Looking for an easy way to cripple your employer’s chances for long-term success? It’s easy! Fail to document your work.
You don’t have to do anything special, or illegal. In fact, you’re probably already stealing and don’t even know it. To all appearances, you’re a model employee — cheerful, helpful, productive. But you’ve got a dirty secret: You’re not writing anything down.
I don’t care what work you’re doing. If you’ve got a process, then document it. A “process” is any set of steps that you tend to repeat, or are likely to need to repeat in the future. If it’s a task that involves more than one definable step, it’s a process. I am thinking primarily of knowledge work (such as data mining), but probably every job involves processes, and every workplace can benefit from having them recorded.
Yet so many of us don’t bother. Why?
When I am the victim of undocumented processes, when I am forced to slog through the Swamp of Unknowing, I curse the schmuck who with malice aforethought neglected to scribble the simple map that would have led me out of the barrens. But is it really malice? When I’m the one who’s the malicious schmuck (though I try hard not to be), I know what the reason is: I’m busy, and documentation just doesn’t seem as urgent as the task I need to complete. Nor do I think it’s about power — some urge to guard one’s knowledge in order to continue to be indispensable.
I think the reason is a failure to see the big picture. You may be doing your job today, and doing it well, but what about the future? Do you not owe something to the future? On any piece of documentation I produce these days, I include the admonition: “This file MUST be reviewed regularly and kept up to date as processes change. Any good you do in this world today is undone tomorrow to the extent that you leave your work undocumented. Try not to be a net loss to Dalhousie University. Thanks.”
That’s what I sound like when I get on my high horse. But do I have any practical advice? Of course I do.
If you’re an employee: Want to get better at documenting? Forget about the “hit by a bus” scenario your boss mentions every once in awhile. No one expects to get hit by a bus. And anyway, benefiting your replacement is probably not much of a motivator. You need to think in more immediate terms. Think of how forgetful you are, and how helpful it would be to simply pull that how-to sheet out of the file every time you need to be reminded how to construct that spreadsheet formula, or build that SQL query, or whatever. Or consider how tiresome it is to have the same co-worker ask you over and over to explain that same process to them; send them the Word document and be done with it! Too pressed for time? Well, turn that idea on its head: Consider all the times that failing to take notes has actually added to your workload.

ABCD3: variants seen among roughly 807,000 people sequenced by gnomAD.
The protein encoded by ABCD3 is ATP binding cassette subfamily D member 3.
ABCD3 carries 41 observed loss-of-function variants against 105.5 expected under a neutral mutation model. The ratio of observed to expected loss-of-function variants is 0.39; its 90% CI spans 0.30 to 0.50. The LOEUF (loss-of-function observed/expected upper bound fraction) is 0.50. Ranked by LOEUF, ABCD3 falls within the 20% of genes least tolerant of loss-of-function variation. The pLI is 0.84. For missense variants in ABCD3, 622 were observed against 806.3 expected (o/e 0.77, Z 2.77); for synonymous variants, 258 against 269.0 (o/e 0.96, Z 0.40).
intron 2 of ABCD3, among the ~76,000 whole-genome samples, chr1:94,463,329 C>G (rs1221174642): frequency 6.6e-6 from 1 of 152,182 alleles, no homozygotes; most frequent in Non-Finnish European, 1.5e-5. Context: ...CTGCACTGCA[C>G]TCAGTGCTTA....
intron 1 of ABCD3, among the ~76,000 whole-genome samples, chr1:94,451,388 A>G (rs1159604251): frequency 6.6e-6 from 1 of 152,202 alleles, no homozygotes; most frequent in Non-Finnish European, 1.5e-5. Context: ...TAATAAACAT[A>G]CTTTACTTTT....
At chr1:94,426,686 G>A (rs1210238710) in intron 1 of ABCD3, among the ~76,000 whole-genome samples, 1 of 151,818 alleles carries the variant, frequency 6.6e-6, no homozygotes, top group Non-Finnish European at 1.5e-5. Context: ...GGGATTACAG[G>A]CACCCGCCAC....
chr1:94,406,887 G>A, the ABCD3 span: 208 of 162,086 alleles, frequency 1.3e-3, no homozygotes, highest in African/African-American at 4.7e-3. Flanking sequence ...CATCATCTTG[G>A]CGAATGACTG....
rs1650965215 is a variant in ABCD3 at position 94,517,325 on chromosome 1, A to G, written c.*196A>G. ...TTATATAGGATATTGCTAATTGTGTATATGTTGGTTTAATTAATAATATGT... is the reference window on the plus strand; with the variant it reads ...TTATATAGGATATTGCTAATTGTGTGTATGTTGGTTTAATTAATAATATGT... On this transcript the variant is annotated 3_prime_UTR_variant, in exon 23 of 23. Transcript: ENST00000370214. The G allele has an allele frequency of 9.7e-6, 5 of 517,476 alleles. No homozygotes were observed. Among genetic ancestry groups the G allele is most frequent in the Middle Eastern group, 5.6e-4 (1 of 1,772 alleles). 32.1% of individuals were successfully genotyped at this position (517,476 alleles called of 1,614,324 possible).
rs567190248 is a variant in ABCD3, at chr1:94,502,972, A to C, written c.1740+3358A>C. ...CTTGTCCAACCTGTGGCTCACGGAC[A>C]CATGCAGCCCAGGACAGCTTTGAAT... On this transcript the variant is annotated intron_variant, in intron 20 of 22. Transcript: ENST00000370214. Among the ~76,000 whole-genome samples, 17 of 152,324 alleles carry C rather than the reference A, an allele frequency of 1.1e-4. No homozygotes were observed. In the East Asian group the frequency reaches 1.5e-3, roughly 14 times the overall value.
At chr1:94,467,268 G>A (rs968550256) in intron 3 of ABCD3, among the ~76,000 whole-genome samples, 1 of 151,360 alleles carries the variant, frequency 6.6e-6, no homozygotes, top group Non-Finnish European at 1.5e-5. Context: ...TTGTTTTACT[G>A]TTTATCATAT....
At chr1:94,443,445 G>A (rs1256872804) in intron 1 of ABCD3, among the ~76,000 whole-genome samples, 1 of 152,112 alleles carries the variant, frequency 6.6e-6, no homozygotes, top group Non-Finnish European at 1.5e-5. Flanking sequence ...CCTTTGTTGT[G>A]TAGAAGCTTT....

If you’re an employer: Consider how costly it is to have your organization reinvent the wheel constantly. Not just the big wheels but all those little wheels, like the spreadsheet formula. It’s up to you to develop a culture in which documenting processes is taken for granted. And don’t just think it of it in terms of coping with turnover — that’s short-term thinking. Understand that even in a stable staffing situation, effective knowledge-sharing cannot happen in the absence of documentation. And if you do suffer from high turnover, consider how much of that is due to the fact that new hires spend way too much time rediscovering and re-developing processes out of nothing, simply because reference documents are not available. By the time they’re up to speed, a year has passed; they feel they’ve added nothing to the cause, and are thinking of finding more rewarding work elsewhere.
In a future post, I’ll talk about what documentation consists of, and the simple tools you need to create effective documentation. But at bottom, you don’t need tools. You just need to care.